As an observer, these transformations are individual miracles in the making; miracles which, were all the relatively conscious adults in America to do their duty, could be happening in public schools across the land. Unfortunately, it isn’t. I am quite sure you know that, in just the last seven years, there has been a renewed push by some to preserve the dominant cultural supremacy by further diluting historical and cultural curriculum in certain states when there has never been an appropriate quantitative or qualitative focus in presenting history and culture to begin with, across the nation.
This conscious effort to whitewash what our children learn even further takes place even though it has been established, through academic studies, that a college education reduces racial bias.
I submit that exposure to the same broad and culturally-diverse historical and cultural curricula that is taught to first and second year college students in primary and secondary public schools would go a long way toward attenuating racial bias on the broader scale of the general population, rather than the more limited, though not insignificant, college population.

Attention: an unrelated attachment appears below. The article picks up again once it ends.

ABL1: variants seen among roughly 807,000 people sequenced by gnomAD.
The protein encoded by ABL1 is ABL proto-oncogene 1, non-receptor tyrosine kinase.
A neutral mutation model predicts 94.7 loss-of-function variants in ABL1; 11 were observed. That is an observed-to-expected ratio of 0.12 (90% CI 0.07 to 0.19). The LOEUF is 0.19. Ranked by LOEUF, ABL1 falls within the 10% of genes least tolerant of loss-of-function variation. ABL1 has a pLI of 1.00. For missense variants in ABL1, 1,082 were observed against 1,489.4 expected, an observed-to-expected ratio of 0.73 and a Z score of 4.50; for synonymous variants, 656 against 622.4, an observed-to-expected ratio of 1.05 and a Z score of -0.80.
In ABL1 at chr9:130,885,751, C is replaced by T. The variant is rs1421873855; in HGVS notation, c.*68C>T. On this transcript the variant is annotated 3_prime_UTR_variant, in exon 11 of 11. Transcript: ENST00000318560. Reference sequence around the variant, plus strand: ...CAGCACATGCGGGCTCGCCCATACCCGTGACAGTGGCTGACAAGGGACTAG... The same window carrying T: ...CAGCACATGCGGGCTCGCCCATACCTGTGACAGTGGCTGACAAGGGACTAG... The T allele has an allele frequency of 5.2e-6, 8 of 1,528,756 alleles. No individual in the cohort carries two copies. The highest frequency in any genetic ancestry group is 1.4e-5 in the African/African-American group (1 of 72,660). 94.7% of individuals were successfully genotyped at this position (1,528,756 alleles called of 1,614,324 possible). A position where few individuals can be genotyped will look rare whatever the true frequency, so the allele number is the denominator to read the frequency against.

I further submit that the changes observed among college graduates would be far deeper if they arrived at their institutions of higher learning with 100 and 200-course level in African American history, literature, and culture already under their belts. How much more meaningful would their studies in such topics as social ethics, history, economics and political science be? The deprivation of millions of African American, Latino and Asian public school students of equal access to their heritage as part of the teaching of our common American history, needs to end.
African American studies are American studies. Hispanic studies are American studies. Asian studies are American studies. No student should be deprived of such deep knowledge of their heritage or their classmates’, regardless of race. That deprivation, in and of itself, is part and parcel of the perpetuation of institutional racism.
I’ve taken this very long route to suggest, respectfully, that a part of the role of African American public intellectuals must include vigorous activism for the reform of public education to reflect America’s diverse cultural heritage, as well as the elevation of its Africana component to equal status in all branches of the humanities as they are taught throughout the course of a primary and secondary education.